Thyroid functional disease and mortality in a national peritoneal dialysis cohort

Connie M. Rhee, Vanessa A. Ravel, Elani Streja, Rajnish Mehrotra, Steven Kim, Jiaxi Wang, Danh V. Nguyen, Csaba P. Kovesdy, Gregory A. Brent, Kamyar Kalantar-Zadeh

Research output: Contribution to journalArticle

6 Scopus citations

Abstract

Context and Objective: End-stage renal disease patients have a higher risk of thyroid disease compared with those without kidney disease. Although thyroid dysfunction is associated with higher death risk in the general population and those undergoing hemodialysis, little is known about the effect of thyroid disease upon mortality in patients treated with peritoneal dialysis (PD). Design, Setting, Participants, and Main Outcome: We examined the association of thyroid status, assessed by serum TSH, with all-cause mortality among PD patients from a large national dialysis organization who underwent one or more TSH measurements over 5 years (January 2007 to December 2011). Thyroid status was categorized as overt-hyperthyroid, subclinical-hyperthyroid, low-normal, high-normal, subclinical-hypothyroid, and overt-hypothyroid range (TSH < 0.1, 0.1-<0.5, 0.5-<3.0, 3.0-<5.0, 5.0-≥10.0, and≥10.0 mIU/L, respectively).Weexamined the association between TSH and mortality using case mix-adjusted time-dependent Cox models to assess shortterm thyroid function-mortality associations and to account for changes in thyroid function over time. Results: Among 1484 patients, 7 and 18% had hyperthyroidism and hypothyroidism, respectively, at baseline.Wefound that both lower and higher time-dependent TSH levels were associated with higher mortality (reference: TSH, 0.5-<3.0 mIU/L): adjusted hazard ratios (95% confidence intervals) 2.09 (1.08-4.06), 1.53 (0.87-2.70), 1.05 (0.75-1.46), 1.63 (1.11-2.40), and 3.11 (2.08-4.63) for TSH levels, <0.1, 0.1-<0.5, 0.5-<3.0, 3.0-<5.0, 5.0-≥10.0, and ≥10.0 mIU/L, respectively. Conclusion: Time-dependent TSH levels < 0.1 mIU/L and ≥10.0.0 mIU/L were associated with higher mortality, suggesting hyper-and hypothyroidism carry short-term risk in PD patients. Additional studies are needed to determine mechanisms underlying the thyroid dysfunction-mortality association, and whether normalization of TSH with treatment ameliorates mortality in this population. (J Clin Endocrinol Metab 101: 4054-4061, 2016).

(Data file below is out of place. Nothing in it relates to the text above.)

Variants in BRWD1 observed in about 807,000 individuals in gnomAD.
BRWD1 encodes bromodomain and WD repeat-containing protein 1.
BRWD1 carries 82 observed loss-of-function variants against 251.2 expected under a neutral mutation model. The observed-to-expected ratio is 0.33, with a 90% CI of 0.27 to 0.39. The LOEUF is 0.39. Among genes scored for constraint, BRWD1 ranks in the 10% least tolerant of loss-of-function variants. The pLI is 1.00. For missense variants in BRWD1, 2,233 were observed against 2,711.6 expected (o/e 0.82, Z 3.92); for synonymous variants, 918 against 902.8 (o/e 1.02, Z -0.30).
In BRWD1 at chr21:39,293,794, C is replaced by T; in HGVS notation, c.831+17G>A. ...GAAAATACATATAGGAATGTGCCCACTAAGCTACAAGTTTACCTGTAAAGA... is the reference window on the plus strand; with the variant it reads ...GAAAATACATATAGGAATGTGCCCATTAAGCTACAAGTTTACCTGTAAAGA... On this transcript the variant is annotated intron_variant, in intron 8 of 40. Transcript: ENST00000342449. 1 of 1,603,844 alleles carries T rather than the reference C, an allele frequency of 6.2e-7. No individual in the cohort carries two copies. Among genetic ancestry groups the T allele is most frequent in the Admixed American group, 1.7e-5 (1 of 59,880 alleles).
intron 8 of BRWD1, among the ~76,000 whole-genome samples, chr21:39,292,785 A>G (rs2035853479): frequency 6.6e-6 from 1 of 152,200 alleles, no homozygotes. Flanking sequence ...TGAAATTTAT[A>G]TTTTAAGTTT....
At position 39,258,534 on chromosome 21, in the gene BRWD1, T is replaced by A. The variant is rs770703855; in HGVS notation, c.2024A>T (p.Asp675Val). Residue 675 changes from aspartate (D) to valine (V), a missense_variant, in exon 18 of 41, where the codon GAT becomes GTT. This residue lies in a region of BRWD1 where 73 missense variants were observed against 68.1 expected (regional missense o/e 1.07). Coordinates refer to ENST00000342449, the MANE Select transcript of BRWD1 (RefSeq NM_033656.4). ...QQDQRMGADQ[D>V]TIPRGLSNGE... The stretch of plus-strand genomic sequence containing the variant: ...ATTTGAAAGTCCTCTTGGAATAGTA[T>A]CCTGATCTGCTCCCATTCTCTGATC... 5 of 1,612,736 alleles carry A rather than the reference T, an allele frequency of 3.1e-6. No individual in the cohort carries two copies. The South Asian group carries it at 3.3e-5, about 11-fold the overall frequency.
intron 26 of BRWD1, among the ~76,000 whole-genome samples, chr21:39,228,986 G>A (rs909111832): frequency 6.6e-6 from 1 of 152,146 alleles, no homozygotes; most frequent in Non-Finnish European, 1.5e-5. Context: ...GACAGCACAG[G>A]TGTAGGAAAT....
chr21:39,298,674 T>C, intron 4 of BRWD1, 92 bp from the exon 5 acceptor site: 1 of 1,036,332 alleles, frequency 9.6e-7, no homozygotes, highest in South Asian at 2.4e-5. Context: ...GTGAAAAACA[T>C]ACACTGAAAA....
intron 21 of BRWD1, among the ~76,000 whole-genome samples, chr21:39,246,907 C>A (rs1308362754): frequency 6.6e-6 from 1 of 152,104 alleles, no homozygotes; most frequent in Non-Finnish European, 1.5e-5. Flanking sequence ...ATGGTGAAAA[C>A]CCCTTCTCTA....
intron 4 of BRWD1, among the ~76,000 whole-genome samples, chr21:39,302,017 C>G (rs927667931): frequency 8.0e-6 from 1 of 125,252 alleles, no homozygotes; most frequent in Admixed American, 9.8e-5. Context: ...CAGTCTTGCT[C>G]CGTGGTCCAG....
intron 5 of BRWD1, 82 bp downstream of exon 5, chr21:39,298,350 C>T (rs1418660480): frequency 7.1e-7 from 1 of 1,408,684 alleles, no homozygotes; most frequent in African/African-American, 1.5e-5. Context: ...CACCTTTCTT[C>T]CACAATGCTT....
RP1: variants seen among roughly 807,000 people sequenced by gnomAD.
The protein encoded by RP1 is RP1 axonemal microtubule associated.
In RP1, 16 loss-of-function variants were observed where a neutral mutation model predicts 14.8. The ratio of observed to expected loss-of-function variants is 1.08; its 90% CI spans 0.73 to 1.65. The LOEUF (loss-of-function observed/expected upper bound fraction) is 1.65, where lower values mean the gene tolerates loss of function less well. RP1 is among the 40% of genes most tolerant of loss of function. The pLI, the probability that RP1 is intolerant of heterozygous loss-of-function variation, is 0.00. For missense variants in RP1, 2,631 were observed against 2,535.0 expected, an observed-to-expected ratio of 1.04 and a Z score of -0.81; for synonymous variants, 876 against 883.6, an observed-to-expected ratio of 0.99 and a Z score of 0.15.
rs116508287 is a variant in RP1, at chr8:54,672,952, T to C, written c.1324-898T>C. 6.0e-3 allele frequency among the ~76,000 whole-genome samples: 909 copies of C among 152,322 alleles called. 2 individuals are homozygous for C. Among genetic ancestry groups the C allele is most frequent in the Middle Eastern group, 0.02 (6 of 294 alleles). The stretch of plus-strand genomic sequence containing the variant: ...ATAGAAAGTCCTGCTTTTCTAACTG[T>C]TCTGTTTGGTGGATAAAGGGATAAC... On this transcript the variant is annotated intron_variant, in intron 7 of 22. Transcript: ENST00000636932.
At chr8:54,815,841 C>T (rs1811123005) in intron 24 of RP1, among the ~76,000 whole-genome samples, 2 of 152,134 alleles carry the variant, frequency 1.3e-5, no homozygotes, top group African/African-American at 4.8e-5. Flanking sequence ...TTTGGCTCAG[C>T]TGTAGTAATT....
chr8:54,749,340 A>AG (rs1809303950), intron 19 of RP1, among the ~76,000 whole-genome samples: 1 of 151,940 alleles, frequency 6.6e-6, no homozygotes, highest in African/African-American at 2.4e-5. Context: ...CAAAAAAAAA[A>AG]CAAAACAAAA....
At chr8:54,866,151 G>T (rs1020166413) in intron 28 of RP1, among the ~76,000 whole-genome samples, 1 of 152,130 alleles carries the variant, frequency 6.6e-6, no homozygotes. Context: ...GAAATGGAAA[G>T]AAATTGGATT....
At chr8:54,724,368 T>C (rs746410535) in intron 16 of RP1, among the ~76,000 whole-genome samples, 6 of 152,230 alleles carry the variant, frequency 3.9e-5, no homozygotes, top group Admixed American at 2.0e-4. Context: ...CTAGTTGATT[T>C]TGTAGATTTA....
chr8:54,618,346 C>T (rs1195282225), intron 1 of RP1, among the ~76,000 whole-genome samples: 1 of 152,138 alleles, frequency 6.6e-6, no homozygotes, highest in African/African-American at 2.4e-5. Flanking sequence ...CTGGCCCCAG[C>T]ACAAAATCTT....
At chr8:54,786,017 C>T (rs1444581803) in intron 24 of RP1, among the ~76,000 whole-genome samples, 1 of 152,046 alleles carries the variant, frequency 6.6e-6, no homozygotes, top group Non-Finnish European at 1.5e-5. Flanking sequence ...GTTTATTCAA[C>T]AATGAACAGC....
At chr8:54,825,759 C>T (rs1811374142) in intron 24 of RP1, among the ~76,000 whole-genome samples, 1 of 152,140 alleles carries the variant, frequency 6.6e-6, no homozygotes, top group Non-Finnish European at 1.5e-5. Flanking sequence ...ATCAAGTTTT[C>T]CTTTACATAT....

Original languageEnglish (US)
Pages (from-to)4054-4061
Number of pages8
JournalJournal of Clinical Endocrinology and Metabolism
Volume101
Issue number11
DOIs
StatePublished - Nov 1 2016

ASJC Scopus subject areas

  • Endocrinology, Diabetes and Metabolism
  • Biochemistry
  • Endocrinology
  • Clinical Biochemistry
  • Biochemistry, medical

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    Rhee, C. M., Ravel, V. A., Streja, E., Mehrotra, R., Kim, S., Wang, J., Nguyen, D. V., Kovesdy, C. P., Brent, G. A., & Kalantar-Zadeh, K. (2016). Thyroid functional disease and mortality in a national peritoneal dialysis cohort. Journal of Clinical Endocrinology and Metabolism, 101(11), 4054-4061. https://doi.org/10.1210/jc.2016-1691